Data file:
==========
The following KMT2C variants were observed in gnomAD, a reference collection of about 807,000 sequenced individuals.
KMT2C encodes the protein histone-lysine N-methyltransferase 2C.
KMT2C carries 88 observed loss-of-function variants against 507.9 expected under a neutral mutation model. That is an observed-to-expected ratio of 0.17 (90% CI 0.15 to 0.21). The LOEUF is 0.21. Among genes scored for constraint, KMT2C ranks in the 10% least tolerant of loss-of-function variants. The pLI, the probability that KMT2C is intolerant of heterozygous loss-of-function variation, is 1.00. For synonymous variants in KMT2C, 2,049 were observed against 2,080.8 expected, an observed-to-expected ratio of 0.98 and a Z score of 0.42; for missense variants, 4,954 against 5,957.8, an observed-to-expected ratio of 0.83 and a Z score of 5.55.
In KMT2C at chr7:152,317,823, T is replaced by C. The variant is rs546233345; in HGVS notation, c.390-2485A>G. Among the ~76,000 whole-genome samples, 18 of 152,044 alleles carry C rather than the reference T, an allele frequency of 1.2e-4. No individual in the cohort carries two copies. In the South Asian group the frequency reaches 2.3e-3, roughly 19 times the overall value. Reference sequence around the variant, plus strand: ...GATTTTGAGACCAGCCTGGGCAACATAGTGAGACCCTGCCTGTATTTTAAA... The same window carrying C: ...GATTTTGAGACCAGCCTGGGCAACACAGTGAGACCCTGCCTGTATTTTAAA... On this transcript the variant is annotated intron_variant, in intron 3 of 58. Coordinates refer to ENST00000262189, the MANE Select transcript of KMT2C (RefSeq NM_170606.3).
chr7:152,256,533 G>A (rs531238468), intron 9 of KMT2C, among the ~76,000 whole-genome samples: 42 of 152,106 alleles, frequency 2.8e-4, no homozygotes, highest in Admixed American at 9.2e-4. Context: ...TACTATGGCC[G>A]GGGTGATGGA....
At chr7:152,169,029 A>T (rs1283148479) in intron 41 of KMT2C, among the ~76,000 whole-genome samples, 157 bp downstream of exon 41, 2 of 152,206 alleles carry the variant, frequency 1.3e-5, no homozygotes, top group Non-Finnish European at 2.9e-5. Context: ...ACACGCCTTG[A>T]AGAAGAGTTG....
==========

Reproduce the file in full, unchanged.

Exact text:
The following KMT2C variants were observed in gnomAD, a reference collection of about 807,000 sequenced individuals.
KMT2C encodes the protein histone-lysine N-methyltransferase 2C.
KMT2C carries 88 observed loss-of-function variants against 507.9 expected under a neutral mutation model. That is an observed-to-expected ratio of 0.17 (90% CI 0.15 to 0.21). The LOEUF is 0.21. Among genes scored for constraint, KMT2C ranks in the 10% least tolerant of loss-of-function variants. The pLI, the probability that KMT2C is intolerant of heterozygous loss-of-function variation, is 1.00. For synonymous variants in KMT2C, 2,049 were observed against 2,080.8 expected, an observed-to-expected ratio of 0.98 and a Z score of 0.42; for missense variants, 4,954 against 5,957.8, an observed-to-expected ratio of 0.83 and a Z score of 5.55.
In KMT2C at chr7:152,317,823, T is replaced by C. The variant is rs546233345; in HGVS notation, c.390-2485A>G. Among the ~76,000 whole-genome samples, 18 of 152,044 alleles carry C rather than the reference T, an allele frequency of 1.2e-4. No individual in the cohort carries two copies. In the South Asian group the frequency reaches 2.3e-3, roughly 19 times the overall value. Reference sequence around the variant, plus strand: ...GATTTTGAGACCAGCCTGGGCAACATAGTGAGACCCTGCCTGTATTTTAAA... The same window carrying C: ...GATTTTGAGACCAGCCTGGGCAACACAGTGAGACCCTGCCTGTATTTTAAA... On this transcript the variant is annotated intron_variant, in intron 3 of 58. Coordinates refer to ENST00000262189, the MANE Select transcript of KMT2C (RefSeq NM_170606.3).
chr7:152,256,533 G>A (rs531238468), intron 9 of KMT2C, among the ~76,000 whole-genome samples: 42 of 152,106 alleles, frequency 2.8e-4, no homozygotes, highest in Admixed American at 9.2e-4. Context: ...TACTATGGCC[G>A]GGGTGATGGA....
At chr7:152,169,029 A>T (rs1283148479) in intron 41 of KMT2C, among the ~76,000 whole-genome samples, 157 bp downstream of exon 41, 2 of 152,206 alleles carry the variant, frequency 1.3e-5, no homozygotes, top group Non-Finnish European at 2.9e-5. Context: ...ACACGCCTTG[A>T]AGAAGAGTTG....